The Elusive Diagnosis of Acute Cholecystitis in the Elderly

Abstract & Commentary

Source: Parker LJ, et al. Emergency department evaluation of geriatric patients with acute cholecystitis. Acad Emerg Med 1997;4:51-55.

In this retrospective chart review of 168 elderly patients (ages ³ 65 years) with operative diagnoses of acute cholecystitis, Parker et al sought to evaluate the frequency of clinical and ancillary test abnormalities at the time of ED presentation. A secondary purpose was to determine whether presentations varied among three subsets of patients: young-old (ages 65-74 years), middle-old (ages 75-84 years), and old-old (ages ³ 85 years). The following data points were evaluated: abdominal pain and its radiation, nausea, emesis, fever, chills, visible jaundice, leukocyte counts, aspartate aminotransferase, direct and total bilirubin, alkaline phosphatase, amylase, and imaging studies (abdominal ultrasound, CT scan, or both).

Of the 168 patients, only 110 (65%) had right upper quadrant pain; 31 (18%) had mid-epigastric pain, and eight (5%) had no pain. Ninety-four patients (56%) were afebrile and 69 (41%) had normal leukocyte counts. Of the 149 patients sent to ultrasound, 135 (91%) had evidence of acute cholecystitis, whereas only 22 of 38 patients (58%) had positive CT scans. Except for visible jaundice, which was more common in the old-old group, there was no difference in clinical presentation between the three subgroups analyzed.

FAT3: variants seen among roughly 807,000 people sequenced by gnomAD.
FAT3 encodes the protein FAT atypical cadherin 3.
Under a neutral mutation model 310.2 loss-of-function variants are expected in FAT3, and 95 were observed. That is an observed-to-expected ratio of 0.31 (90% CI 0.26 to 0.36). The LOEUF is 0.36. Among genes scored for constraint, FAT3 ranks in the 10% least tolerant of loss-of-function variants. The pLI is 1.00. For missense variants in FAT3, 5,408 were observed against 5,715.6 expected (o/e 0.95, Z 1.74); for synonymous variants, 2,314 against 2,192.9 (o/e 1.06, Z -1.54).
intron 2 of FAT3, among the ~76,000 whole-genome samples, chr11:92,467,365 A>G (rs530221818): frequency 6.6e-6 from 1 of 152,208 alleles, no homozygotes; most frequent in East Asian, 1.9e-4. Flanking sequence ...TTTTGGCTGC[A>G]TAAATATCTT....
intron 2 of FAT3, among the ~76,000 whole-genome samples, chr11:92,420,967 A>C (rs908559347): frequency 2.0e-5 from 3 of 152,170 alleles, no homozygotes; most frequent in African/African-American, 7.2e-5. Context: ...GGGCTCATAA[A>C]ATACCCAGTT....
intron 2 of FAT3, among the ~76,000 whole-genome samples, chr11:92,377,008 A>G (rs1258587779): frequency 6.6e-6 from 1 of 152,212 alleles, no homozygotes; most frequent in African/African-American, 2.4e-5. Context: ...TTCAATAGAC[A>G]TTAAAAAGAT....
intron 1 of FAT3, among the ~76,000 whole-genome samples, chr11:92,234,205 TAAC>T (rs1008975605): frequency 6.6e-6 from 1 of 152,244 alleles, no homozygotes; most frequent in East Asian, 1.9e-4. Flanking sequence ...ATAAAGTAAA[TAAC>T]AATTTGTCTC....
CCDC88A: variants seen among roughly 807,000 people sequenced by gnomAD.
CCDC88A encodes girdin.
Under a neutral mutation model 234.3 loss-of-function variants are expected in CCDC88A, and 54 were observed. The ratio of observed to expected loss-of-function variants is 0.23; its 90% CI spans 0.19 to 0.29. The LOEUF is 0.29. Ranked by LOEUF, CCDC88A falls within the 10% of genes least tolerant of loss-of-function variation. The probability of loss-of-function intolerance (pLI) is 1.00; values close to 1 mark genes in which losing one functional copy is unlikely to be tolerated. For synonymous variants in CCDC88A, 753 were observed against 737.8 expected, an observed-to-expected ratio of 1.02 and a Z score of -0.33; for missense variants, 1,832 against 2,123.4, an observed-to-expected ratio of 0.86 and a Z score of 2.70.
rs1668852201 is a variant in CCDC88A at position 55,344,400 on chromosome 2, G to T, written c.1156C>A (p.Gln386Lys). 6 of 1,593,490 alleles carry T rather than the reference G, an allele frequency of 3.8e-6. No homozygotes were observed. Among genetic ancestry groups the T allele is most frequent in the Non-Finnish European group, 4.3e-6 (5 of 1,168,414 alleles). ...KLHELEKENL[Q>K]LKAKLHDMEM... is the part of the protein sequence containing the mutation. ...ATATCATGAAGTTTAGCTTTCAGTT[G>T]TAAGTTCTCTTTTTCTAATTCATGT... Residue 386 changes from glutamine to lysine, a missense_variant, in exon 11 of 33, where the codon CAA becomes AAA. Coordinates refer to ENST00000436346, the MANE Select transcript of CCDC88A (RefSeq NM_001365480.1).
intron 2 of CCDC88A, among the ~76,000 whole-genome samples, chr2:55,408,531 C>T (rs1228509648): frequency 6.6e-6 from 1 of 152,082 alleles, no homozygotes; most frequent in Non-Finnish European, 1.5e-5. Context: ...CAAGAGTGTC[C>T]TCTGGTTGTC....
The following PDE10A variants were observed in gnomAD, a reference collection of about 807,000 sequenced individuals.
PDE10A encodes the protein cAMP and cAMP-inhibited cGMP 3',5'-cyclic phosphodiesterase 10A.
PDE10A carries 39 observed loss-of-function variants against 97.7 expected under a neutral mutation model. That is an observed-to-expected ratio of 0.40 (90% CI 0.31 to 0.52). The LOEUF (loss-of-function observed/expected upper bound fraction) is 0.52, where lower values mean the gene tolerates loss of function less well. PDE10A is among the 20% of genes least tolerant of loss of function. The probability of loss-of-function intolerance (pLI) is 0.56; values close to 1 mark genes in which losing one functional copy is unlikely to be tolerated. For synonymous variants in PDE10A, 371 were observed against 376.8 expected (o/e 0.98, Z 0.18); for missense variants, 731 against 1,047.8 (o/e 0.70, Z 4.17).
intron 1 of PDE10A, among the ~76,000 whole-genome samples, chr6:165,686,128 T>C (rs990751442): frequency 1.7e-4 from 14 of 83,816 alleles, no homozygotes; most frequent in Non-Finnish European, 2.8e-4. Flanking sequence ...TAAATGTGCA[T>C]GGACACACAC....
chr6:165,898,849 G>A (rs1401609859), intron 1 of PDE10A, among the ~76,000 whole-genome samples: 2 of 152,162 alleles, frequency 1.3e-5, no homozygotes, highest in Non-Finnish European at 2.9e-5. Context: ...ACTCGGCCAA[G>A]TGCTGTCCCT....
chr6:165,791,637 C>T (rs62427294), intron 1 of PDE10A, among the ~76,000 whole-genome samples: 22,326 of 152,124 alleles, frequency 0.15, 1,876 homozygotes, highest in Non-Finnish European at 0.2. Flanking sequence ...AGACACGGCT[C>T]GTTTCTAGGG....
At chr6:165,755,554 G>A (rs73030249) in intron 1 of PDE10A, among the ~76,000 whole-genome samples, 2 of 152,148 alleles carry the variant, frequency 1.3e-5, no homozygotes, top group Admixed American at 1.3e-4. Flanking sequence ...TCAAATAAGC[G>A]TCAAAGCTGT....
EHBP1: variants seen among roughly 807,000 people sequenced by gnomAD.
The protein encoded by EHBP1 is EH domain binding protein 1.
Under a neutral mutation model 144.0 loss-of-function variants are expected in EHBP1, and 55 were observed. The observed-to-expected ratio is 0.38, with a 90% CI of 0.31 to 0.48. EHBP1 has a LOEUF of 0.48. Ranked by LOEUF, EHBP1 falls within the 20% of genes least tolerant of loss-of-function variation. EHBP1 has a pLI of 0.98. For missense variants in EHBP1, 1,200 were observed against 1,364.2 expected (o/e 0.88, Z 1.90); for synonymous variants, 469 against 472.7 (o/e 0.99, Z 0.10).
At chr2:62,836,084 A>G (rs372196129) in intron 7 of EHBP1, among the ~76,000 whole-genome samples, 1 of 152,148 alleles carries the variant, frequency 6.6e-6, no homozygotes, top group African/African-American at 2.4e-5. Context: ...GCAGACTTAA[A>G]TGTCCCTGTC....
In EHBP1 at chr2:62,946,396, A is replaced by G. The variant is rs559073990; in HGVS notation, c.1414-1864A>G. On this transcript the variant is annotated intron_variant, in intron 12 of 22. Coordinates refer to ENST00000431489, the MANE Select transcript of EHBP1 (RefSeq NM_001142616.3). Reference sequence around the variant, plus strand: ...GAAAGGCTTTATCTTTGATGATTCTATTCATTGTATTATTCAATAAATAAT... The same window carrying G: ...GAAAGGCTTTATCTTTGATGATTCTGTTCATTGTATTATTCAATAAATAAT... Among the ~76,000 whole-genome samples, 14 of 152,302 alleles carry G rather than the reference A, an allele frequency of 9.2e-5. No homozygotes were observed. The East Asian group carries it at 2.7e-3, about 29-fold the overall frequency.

The retrospective nature of this study presents several obvious limitations. Some patients with acute cholecystitis could have been discharged from the ED, only to be diagnosed elsewhere; data from such patients would not have been included in this study. The extent and accuracy of chart documentation is always suspect in retrospective reviews, though the authors state that all data points (except the results of imaging studies) were noted and complete for all patients. This is remarkable in that the degree and extent of patient evaluation was done solely at the discretion of the evaluating physicians; no protocol for the workup of elderly patients with abdominal complaints was in effect.

Despite these limitations, this study does drive home the crucial point that elderly patients with abdominal complaints can harbor serious disease even in the absence of "classic" clinical findings. This study demonstrates that the lack of fever, elevated leukocyte count, or liver function abnormalities does not rule out a diagnosis of acute cholecystitis in the elderly population. In fact, 5% of the patients with surgically proven disease had no complaint of abdominal pain and a full 13% had no laboratory test abnormalities. What is the take-home message? Beware the elderly patient with abdominal complaints of any type; diagnosis can be particularly elusive.